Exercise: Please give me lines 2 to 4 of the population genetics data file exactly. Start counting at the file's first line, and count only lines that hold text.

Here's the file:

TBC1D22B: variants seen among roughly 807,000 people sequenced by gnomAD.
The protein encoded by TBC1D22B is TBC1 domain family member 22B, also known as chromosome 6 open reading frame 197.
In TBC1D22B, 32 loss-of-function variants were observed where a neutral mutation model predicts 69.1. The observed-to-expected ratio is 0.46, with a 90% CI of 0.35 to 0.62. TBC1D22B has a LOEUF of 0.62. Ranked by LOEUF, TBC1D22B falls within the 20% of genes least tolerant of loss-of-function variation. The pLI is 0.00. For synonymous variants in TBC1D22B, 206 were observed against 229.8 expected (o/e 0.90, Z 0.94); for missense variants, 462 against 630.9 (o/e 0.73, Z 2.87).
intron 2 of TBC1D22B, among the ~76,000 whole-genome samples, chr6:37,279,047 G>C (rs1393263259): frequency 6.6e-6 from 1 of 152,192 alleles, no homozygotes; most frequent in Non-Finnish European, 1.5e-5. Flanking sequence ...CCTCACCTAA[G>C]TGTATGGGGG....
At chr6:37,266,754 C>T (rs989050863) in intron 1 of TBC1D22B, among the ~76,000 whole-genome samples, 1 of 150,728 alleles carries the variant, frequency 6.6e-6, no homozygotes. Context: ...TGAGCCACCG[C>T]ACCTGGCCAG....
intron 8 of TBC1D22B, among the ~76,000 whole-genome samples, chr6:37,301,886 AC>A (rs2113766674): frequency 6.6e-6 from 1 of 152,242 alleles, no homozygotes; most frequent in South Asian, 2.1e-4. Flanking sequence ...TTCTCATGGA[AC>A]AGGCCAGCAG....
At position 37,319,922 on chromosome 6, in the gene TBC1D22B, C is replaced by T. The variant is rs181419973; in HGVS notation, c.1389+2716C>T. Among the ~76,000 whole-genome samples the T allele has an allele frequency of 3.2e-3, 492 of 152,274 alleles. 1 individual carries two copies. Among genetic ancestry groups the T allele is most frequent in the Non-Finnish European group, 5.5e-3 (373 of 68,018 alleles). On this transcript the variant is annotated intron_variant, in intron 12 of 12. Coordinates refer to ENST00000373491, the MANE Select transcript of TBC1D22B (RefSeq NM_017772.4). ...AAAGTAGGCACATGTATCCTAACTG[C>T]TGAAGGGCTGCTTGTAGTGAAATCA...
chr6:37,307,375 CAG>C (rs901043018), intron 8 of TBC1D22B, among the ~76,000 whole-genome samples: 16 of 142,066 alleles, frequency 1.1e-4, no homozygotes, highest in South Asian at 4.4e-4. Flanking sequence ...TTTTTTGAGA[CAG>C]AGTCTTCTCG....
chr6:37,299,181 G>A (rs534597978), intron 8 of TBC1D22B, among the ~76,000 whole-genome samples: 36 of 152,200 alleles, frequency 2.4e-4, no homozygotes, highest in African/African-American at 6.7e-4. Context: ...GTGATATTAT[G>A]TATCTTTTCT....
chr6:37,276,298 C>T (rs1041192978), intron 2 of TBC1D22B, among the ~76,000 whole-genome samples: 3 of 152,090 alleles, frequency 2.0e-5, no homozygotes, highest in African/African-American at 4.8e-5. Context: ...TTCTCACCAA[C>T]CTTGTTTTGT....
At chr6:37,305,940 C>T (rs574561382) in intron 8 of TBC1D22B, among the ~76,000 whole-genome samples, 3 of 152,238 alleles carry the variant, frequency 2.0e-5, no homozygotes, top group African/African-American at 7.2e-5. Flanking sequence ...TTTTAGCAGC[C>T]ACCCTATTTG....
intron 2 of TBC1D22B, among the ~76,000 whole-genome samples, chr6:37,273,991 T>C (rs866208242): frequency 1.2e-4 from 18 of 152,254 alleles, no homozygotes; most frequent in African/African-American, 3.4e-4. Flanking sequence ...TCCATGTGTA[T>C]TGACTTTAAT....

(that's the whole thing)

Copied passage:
The protein encoded by TBC1D22B is TBC1 domain family member 22B, also known as chromosome 6 open reading frame 197.
In TBC1D22B, 32 loss-of-function variants were observed where a neutral mutation model predicts 69.1. The observed-to-expected ratio is 0.46, with a 90% CI of 0.35 to 0.62. TBC1D22B has a LOEUF of 0.62. Ranked by LOEUF, TBC1D22B falls within the 20% of genes least tolerant of loss-of-function variation. The pLI is 0.00. For synonymous variants in TBC1D22B, 206 were observed against 229.8 expected (o/e 0.90, Z 0.94); for missense variants, 462 against 630.9 (o/e 0.73, Z 2.87).
intron 2 of TBC1D22B, among the ~76,000 whole-genome samples, chr6:37,279,047 G>C (rs1393263259): frequency 6.6e-6 from 1 of 152,192 alleles, no homozygotes; most frequent in Non-Finnish European, 1.5e-5. Flanking sequence ...CCTCACCTAA[G>C]TGTATGGGGG....